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Build your first API with Phoenix

7th June 2019

Phoenix is an Elixir framework oriented to highly performant and scalable web applications, but before continuing, we need to know what is Elixir.

https://phoenixframework.org

Elixir is a functional language designed for scalable and maintainable applications since it runs inside of threads of execution called processes to exchange information via messages. Another of its benefits is the fault-tolerance, that’s the reason for the expression “things will go wrong” but to confront the failures, Elixir provides supervisors that restart parts of your app when things go bad, going back to a known initial state that is guaranteed to work.

After this introduction, we are ready to code our first API!

The first thing before starting is to install Elixir:

brew install elixir

Once installed Elixir, we can install Phoenix running the next command:

mix archive.install hex phx_new 1.4.0

Now, we can create a Phoenix project:

mix phx.new books_store
Note: If we just want to build an API, we can add the next flags --no-html --no-webpack to avoid all HTML views and webpack that is included by default but for now, it’s ok.

After command ends we already have the project created! so we can run next instructions:

- cd books_store
- mix ecto.create
- mix phx.server 

Note: We need to be sure that we have Postgres installed because is the Database engine loaded by default in Phoenix.

Ecto is a library to interact with databases, we can say “is like an ORM”, but the difference is that Elixir is not an Object-Oriented language.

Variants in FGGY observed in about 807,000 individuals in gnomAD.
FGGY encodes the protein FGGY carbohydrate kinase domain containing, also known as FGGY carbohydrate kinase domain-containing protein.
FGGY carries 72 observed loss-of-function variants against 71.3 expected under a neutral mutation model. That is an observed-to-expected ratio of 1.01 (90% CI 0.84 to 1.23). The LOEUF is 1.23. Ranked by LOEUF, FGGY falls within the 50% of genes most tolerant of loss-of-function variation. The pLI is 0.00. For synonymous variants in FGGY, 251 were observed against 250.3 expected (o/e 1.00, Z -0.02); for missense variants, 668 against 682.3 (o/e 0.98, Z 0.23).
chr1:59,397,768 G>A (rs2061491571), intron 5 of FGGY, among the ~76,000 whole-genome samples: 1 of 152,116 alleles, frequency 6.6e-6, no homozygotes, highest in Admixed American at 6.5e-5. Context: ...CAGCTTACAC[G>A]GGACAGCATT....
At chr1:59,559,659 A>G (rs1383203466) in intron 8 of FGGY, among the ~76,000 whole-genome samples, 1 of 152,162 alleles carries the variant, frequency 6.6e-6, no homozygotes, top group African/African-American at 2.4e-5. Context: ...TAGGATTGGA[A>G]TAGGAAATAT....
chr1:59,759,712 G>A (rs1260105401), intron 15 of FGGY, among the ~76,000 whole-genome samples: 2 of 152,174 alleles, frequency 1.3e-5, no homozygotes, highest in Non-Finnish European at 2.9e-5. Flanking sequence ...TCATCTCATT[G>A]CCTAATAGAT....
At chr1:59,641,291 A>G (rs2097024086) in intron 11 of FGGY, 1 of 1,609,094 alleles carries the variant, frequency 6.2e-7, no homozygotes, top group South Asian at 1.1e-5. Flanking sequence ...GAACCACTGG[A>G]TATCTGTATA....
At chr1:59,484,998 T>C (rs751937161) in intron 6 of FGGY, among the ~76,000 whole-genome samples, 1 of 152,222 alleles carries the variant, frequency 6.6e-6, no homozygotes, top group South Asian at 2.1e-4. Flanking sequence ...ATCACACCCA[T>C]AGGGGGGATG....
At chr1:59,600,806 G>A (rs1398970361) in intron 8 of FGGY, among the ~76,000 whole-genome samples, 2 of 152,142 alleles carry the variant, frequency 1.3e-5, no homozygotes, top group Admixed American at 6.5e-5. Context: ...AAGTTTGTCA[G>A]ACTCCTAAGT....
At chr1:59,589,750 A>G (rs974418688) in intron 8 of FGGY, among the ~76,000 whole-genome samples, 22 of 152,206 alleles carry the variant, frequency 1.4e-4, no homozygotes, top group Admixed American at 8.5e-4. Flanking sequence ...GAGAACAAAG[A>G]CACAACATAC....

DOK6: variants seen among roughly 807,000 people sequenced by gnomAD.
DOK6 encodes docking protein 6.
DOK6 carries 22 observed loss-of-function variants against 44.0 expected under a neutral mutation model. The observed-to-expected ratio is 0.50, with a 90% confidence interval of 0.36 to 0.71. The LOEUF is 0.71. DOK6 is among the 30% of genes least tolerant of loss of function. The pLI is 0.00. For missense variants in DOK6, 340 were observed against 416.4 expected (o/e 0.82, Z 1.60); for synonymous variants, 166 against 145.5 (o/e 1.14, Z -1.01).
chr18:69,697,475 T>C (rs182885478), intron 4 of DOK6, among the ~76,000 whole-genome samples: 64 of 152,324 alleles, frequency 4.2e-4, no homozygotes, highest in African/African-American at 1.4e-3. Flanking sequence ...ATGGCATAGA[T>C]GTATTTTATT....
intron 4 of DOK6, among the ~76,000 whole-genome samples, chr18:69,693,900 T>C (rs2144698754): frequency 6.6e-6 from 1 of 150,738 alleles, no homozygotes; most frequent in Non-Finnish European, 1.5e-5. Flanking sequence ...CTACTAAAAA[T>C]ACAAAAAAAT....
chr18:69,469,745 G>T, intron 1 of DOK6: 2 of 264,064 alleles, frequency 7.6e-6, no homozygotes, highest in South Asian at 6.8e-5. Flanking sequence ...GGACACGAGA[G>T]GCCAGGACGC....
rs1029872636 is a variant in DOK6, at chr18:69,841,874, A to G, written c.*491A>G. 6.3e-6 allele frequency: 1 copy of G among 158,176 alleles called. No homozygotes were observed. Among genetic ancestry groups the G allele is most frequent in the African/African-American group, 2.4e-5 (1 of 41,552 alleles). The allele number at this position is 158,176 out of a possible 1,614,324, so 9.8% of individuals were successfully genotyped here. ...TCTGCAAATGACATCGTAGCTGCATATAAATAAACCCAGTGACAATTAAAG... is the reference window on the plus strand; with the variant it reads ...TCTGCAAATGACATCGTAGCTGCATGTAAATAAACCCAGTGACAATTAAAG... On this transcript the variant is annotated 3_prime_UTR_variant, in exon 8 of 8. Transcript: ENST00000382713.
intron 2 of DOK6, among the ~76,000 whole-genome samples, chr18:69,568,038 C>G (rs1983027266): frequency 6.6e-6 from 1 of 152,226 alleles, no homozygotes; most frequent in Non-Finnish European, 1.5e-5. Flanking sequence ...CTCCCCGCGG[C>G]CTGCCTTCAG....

If everything goes well, we can visit http://localhost:4000 to see the welcome page.

The next step is to build our first schema and the JSON endpoint, running next command:

mix phx.gen.json Books Book books title:string price:integer publisher:string edition:string code:string

WhereBooks is the context, Book is our schema, books is the name of the table in the database and finally the attributes, then we got something like this:

Phoenix added all, controller, schema, migrations, tests, and json views. So now, we are going to add the resource to our routes lib/books_store_web/router.ex:

scope "/api", BooksStoreWeb do
  pipe_through :api
  
  resources "/books", BookController, except: [:new, :edit]
end

and run the migrations to create the books table with all attributes:

mix ecto.migrate

This command will insert into the database the schema we defined previously:

defmodule BooksStore.Repo.Migrations.CreateBooks do
  use Ecto.Migration
  
  def change do
    create table(:books) do
      add :title, :string
      add :price, :integer
      add :publisher, :string
      add :edition, :string
      add :code, :string
      timestamps()
    end
  end
end

Before test our endpoint we need insert some data, we gonna do that through the console:

iex -S mix (access to the debug console)
alias BooksStore.Books
Books.create_book(%{title: "Elixir for beginners", price: 23_000, publisher: "McGraw", edition: "1st", code: "HH23DY"})
Books.create_book(%{title: "Phoenix for beginners", price: 15_000, publisher: "McGraw", edition: "3rd", code: "AAR67I"})

Run the server mix phx.server and go to a REST Client like Postman or Insomnia, just to check our endpoints:

Also, we can test the CREATE, UPDATE, and DELETE, all those actions live in our books_controller.ex file.

This is just an introduction to the Phoenix framework, how can we create an API in an easy way. This is the Phoenix documentation for more references.

See you soon!

David Sanchez
AUTHOR

David Sanchez

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